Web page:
It is also advantageous if naturally aged organic residues and/or raw materials are used to implement the method, such as gray wheat straw, for example. As already mentioned, these residues and/or raw materials contain only slight components of chemical substances, some of them aggressive, such as, for example, silicate, chlorine, potassium, and others, so that the corrosive effect on the combustion system and negative effects on the combustion process and the flue gas development resulting from these chemical substances is significantly reduced.

According to a particularly preferred embodiment of the method, the shredded organic residues and/or raw materials are treated with UV radiation after the dust has been removed, and then stay in a silo for the aging period, or alternatively, that the shredded organic residues and/or raw materials are mixed with a UV additive that promotes aging, or a UV absorber, at 0.1-0.3 wt.- % with reference to the mass of the residue and/or raw material, after the dust has been removed, and then stay in a silo for the aging period. In this way, the possibility is created for the residues and/or raw materials to age artificially, in a very short period of time, so that long-term aging by means of weathering can be eliminated, and thus no additional storage area for weathering of the organic residues and/or raw materials is required. In this way, however, it is also guaranteed that a uniformly aged raw material is always available for production of the fuel mixture, without any additional inspection of the aging condition. Consequently, quality variations of the fuel can be excluded.

Preferably, the metering silo provided in the course of the process for the artificial aging period is used for the residues and/or raw materials, in that the metering silo is designed to have a storage capacity that allows continuous implementation of the process, when adhering to the aging period.

According to another, particularly advantageous embodiment of the method, the oil and/or fat component is passed to the mixing and metering device with the component of 1-5 wt.- % surfactants, with reference to the oil and/or fat component, mixed in.

In this manner, the surface tension of the organic residues and/or raw materials is reduced, and the ability of the residues and/or raw materials to be penetrated is significantly improved, and already starts with metering of the oil and/or fat component into the residues and/or raw materials. Testing of the compressed fuel bodies has shown that after the fuel mixture was compressed, the oil and/or fat component was completely homogeneously bound in the fuel mixture. As a result of the homogeneous distribution of the substances in the fuel mixture, uniform complete combustion of the compressed fuels can be guaranteed.

However, a similar effect is also achieved if, in place of the surfactants, the shredded residues and/or raw materials are vacuum-impregnated with the oil and/or fat component that is metered in, or the homogeneously mixed fuel mixture is vacuum-impregnated before pelleting.

It is also advantageous if, during implementation of the method, the air transport of the shredded residue and/or raw material to the exhaust air filter is carried out with heated air, for moisture equalization. In this way, it is guaranteed that the shredded organic residues and/or raw materials metered into the mixing and metering unit always have approximately the same moisture.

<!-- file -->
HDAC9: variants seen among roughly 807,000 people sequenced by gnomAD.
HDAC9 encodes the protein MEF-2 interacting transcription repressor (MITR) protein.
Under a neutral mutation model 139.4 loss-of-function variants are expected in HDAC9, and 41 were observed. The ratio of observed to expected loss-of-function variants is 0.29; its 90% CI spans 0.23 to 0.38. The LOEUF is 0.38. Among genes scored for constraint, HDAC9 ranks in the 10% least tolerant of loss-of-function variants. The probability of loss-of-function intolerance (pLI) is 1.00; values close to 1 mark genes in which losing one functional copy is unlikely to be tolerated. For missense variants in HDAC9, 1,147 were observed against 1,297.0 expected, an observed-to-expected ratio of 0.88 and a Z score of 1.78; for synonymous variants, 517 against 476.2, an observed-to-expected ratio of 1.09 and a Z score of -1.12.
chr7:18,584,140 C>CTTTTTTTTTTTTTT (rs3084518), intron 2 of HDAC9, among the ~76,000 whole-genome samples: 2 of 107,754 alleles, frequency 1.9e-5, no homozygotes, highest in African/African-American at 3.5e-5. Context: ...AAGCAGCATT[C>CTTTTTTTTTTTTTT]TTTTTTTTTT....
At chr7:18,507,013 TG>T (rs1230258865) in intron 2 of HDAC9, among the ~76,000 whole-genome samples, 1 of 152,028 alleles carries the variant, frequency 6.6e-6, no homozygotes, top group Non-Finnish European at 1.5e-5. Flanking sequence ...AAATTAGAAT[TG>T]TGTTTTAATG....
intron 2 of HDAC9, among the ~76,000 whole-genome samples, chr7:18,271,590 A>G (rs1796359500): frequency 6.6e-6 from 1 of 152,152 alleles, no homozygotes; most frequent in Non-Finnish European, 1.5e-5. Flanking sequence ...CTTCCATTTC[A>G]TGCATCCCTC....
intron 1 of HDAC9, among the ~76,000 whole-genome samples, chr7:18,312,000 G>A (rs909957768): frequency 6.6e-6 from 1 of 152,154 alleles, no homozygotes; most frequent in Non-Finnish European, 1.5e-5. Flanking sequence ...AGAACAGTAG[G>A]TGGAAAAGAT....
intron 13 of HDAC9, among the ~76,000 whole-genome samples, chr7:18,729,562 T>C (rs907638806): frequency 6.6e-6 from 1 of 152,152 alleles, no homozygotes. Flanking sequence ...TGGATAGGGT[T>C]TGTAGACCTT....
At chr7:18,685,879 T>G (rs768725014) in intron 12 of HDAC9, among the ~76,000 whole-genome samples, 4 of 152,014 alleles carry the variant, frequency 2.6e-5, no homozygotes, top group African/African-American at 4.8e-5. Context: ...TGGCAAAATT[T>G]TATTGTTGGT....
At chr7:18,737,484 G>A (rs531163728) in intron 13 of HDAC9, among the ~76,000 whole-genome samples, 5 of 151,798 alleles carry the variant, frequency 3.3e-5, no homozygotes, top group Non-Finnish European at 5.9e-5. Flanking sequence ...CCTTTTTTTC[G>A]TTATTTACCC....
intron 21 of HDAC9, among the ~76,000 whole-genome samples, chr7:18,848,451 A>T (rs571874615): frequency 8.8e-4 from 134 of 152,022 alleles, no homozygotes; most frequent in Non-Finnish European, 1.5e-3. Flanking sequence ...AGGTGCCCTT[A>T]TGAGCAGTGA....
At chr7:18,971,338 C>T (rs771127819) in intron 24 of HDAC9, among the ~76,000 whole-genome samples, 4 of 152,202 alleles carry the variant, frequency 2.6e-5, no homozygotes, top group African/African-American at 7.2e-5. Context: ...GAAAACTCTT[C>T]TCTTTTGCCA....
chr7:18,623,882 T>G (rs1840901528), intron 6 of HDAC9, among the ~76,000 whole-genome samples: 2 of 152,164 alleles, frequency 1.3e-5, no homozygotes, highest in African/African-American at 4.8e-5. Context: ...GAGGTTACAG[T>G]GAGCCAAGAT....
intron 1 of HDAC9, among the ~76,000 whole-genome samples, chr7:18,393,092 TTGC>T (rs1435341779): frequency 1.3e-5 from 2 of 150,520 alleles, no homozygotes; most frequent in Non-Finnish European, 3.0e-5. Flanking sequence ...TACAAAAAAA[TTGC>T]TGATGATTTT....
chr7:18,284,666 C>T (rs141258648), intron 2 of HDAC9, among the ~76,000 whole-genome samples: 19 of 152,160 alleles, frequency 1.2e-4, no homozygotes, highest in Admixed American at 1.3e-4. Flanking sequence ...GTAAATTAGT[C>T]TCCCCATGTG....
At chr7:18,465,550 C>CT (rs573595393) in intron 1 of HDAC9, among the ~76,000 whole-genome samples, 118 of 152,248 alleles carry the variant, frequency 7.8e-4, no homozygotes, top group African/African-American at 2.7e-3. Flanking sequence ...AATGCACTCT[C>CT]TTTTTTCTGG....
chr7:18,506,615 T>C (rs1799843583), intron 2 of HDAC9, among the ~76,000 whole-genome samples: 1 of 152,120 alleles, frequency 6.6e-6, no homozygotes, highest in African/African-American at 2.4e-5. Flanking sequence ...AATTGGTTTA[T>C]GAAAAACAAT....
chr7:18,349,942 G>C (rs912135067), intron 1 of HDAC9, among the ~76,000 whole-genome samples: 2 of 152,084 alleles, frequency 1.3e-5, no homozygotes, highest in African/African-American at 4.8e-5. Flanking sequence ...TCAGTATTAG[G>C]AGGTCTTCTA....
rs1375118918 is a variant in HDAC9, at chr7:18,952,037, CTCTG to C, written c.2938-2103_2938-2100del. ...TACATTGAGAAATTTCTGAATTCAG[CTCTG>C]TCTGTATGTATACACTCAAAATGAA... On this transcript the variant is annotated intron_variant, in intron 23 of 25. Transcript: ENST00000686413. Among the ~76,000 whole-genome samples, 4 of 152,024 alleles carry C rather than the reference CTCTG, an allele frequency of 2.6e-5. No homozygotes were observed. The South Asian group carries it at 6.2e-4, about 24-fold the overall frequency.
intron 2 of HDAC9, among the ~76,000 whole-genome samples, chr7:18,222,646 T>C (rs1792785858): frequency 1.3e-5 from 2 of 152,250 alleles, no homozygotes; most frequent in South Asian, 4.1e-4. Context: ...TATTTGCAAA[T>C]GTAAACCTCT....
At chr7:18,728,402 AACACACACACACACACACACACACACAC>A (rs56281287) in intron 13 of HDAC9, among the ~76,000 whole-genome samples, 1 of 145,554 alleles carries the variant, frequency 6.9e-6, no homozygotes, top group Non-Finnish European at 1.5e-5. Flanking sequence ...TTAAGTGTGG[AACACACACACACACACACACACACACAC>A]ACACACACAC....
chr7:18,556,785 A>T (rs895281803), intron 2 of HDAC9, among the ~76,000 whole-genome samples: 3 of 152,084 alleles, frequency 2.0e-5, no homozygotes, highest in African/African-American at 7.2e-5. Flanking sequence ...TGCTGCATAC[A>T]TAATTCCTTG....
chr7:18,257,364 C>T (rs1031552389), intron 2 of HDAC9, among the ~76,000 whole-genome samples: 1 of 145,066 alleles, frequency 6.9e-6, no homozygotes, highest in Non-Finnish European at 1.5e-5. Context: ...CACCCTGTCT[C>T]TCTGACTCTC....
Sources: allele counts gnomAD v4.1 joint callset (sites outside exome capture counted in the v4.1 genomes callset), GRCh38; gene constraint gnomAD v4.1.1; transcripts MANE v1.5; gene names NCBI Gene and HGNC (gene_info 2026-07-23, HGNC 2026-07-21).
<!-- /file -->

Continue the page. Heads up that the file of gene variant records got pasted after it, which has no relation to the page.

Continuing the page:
According to another advantageous embodiment of the method, in order to maintain the percentage composition of the fuel mixtures, the amount units of the oils and/or fats, of the liquid and powdered or granulate substances metered into the mixing and metering unit, are regulated volumetrically or gravimetrically, as a function of the mass of the residues and/or raw materials metered into the mixing and metering device. In this way, it is assured that in case of varying metering masses of the residues and/or raw materials, the predetermined percentage proportions of the substances for the fuel mixture are always guaranteed.

In the following, some possible compositions of the fuel mixture for production of a compressed fuel according to the invention, in accordance with the method, are presented.

Fuel mixture (1) consists of a formulation of

  75%wheat straw having a moisture of approximately 12%,
which is pretreated with UV radiation for artificial
aging,
20.5%palm oil,
 3%sodium perporate
 1.5%surfactants from the group of ampholytic or amphoteric
surfactants having a pH ≧ 7.

For the production of this fuel mixture, a shredded UV-irradiated wheat straw is used, which was therefore artificially aged. After aging, the palm oil component, heated to ≧60° C., with the surfactants mixed in, is metered in, along with the sodium perborate component.

Fuel mixture (2) consists of a formulation of

77.8% bagasse, i.e. extracted sugar cane,
17.4% soybean oil,
  2%sodium perborate,
0.5%hexamethylene tetramine as an ignition aid
2.1%surfactants from the group of ampholytic or amphoteric
surfactants having a pH ≧ 7, and
0.2%of a UV additive that promotes aging, having a pH ≧ 7,
or of a UV absorber having a pH ≧ 7.

For the production of this fuel mixture, shredded bagasse is used, which is mixed with the component of the UV additive that promotes aging or of the UV absorber, and is therefore artificially aged. After aging, the soybean oil component, heated to ≧60° C., with the surfactant component mixed in, is metered into the bagasse, along with the sodium perborate component.

Fuel mixture (3) consists of a formulation of

49.75% hemp fibers,
 25%rapeseed cake after oil extraction,
20.9% sunflower oil,
  2%sodium perborate,
1.2%lignine in powder form,
1.0%surfactants from the group of ampholytic or amphoteric
surfactants having a pH ≧ 7, and
0.15% of a UV additive that promotes aging, having a pH ≧ 7,